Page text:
Brazil: Shifting from Vast Bureaucracy
to Managerial State
by Elizabeth McQuerry, economic analyst
ntil recently, reform efforts in Latin America generally aimed at taming inflation and privatizing state-owned enterprises. One of the goals of these efforts was to allow governments to become more efficient in providing basic services like health care and education. Given the progress by many Latin American countries in achieving macroeconomic stability, their focus is turning to areas where reform can be deepened. In Brazil the government has undertaken a campaign to revamp its bureaucracy as a necessary component of fiscal adjustment.
Brazil's new president, Fernando Henrique Cardoso, stressed the need for additional reform when he took office in January 1995 by establishing the Ministry of Federal Administration and State Reform. Headed by former Finance Minister Luiz Carlos Bresser Pereira, the ministry laid out an ambitious program designed to depoliticize the bureaucracy, make the work rules more flexible at the state, national and local levels and provide services more effectively.
Growth of Public Sector Workforce
Strictly speaking, Brazil's problem is not the inability to reduce public employment. In fact, between 1988 and 1995, the number of federal employees fell from 700,000 to 576,000 as a result of attrition, retirement and a hiring freeze from 1990 to 1993.
The basic problem is that jobs and salaries for public workers are not merit based. Rather, many government jobs are awarded to political allies who then keep their positions over time. This situation originated with a law put into effect when Brazil revised its constitution in 1988. The law grants public employees the right to retain their positions after only two years of service. And this job security is conferred without regard to performance ? nearly 90 percent of all public workers are currently vested.
The fiscal burden of this law is demonstrated in the increase in the percentage of GDP that reflects federal employees' salaries. In 1988, salaries for these employees accounted for 3.9 percent of GDP, while in 1995 that figure had risen to 6.7 percent. The federal budget for personnel in 1996 was equivalent to 47.5 percent of total revenues, or 62 percent of discretionary/nonentitlement spending.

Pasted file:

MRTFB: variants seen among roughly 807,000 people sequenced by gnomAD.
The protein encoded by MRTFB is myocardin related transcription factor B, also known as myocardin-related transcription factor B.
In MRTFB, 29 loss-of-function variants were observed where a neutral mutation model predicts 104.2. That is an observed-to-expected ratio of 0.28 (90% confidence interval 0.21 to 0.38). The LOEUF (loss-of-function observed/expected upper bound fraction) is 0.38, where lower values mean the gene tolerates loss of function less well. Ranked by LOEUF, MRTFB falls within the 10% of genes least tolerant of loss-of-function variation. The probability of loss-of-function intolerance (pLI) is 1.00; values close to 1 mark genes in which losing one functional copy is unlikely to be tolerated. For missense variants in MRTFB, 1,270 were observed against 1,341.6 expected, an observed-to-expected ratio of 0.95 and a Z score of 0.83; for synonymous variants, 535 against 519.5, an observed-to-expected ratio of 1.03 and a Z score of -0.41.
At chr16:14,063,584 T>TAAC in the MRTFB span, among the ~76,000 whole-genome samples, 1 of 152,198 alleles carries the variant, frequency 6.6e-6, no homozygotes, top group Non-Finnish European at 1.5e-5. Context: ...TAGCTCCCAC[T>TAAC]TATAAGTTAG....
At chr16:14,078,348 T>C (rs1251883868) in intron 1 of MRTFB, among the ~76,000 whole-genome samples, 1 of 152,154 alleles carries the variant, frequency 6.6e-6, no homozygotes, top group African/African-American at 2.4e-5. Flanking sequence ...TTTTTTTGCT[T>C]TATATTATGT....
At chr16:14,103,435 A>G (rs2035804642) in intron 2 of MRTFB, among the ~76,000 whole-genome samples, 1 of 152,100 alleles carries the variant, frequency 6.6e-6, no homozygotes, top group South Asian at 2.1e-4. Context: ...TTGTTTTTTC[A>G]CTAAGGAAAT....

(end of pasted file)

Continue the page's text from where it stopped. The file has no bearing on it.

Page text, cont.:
The expense of the public workforce is evident at the state level as well. Although public employees make up less than 6 percent of the total workforce, the average state-level expenditures for public workers is 74 percent of revenue. Some states actually spend more than they collect and issue debt to pay employees.
Brazil's Federal Goverment Personnel Expenditures
(as a percentage of discretionary spending)
Source: Brazilian Ministry of Federal Administration and State Reform
The reform proposed by the new administration would permit the dismissal of public workers (including those with job security) if personnel costs exceed 60 percent of revenue. It would also increase to five the number of years of service required to be eligible for job security, and this "tenure" would be performance-based, thereby laying the formal foundation for a professional public service. The reform would also allow the hiring of contract workers (not eligible for job security) and impose salary caps. Finally, the reform would move these matters from the constitutional to the administrative level, allowing future changes without constitutional amendments.
Despite the reform's straightforward nature and the fiscal imperative to reduce costs, the measure faces an uncertain future. Some lawmakers rely on organized public employees as a main constituency. In addition, a constitutional amendment has a high threshold for passage: the reform measures must be approved twice in two separate chambers of the Brazilian Congress by a three-fifths majority.
Like privatization, administrative reform is proving to be a divisive public policy issue in Brazil. However, the reform's benefits extend beyond the expected reduction of federal expenses by around $6 billion (U.S.) per year. The reform would also convey a strong message to international investors who consider revamping the bureaucracy a cornerstone of sustainable macroeconomic adjustment.
|Atlanta Fed Research Group Focuses on Latin American Issues
lthough research at the Federal Reserve Bank of Atlanta concentrates on macroeconomic and financial issues that affect U.S. monetary policy, the Atlanta Fed has an interest in Latin America. The Latin American Research Group was formed in 1994 to focus on banking issues in the region.
The foundation for this specialized group is the Foreign Bank Supervision Enhancement Act of 1991, which gave the Federal Reserve the lead role in approving and supervising the U.S. offices of foreign banks. Among its provisions, the act gives the Fed the responsibility of ensuring that banks are comprehensively supervised by their home country bank authorities as a prerequisite to entering or expanding their presence in the United States.
To carry out this mandate, the Board of Governors assigned various Federal Reserve Banks certain geographic areas on which to develop expertise. For many reasons, including the fact that Miami is a trade hub with Latin America and falls within the Sixth District, the Atlanta Fed was directed to focus on Latin America and the Caribbean. To assist its supervision staff and regulators, the Atlanta Fed formed the Latin American Research Group to provide a knowledge base on the economic and political environment in the home countries where the foreign banks are based.
The work of the group has continued to expand as the influence of Latin America has also grown with the passage of the North American Free Trade Agreement in 1993 and the move toward the Free Trade Area of the Americas to establish a free trade zone throughout the Western Hemisphere.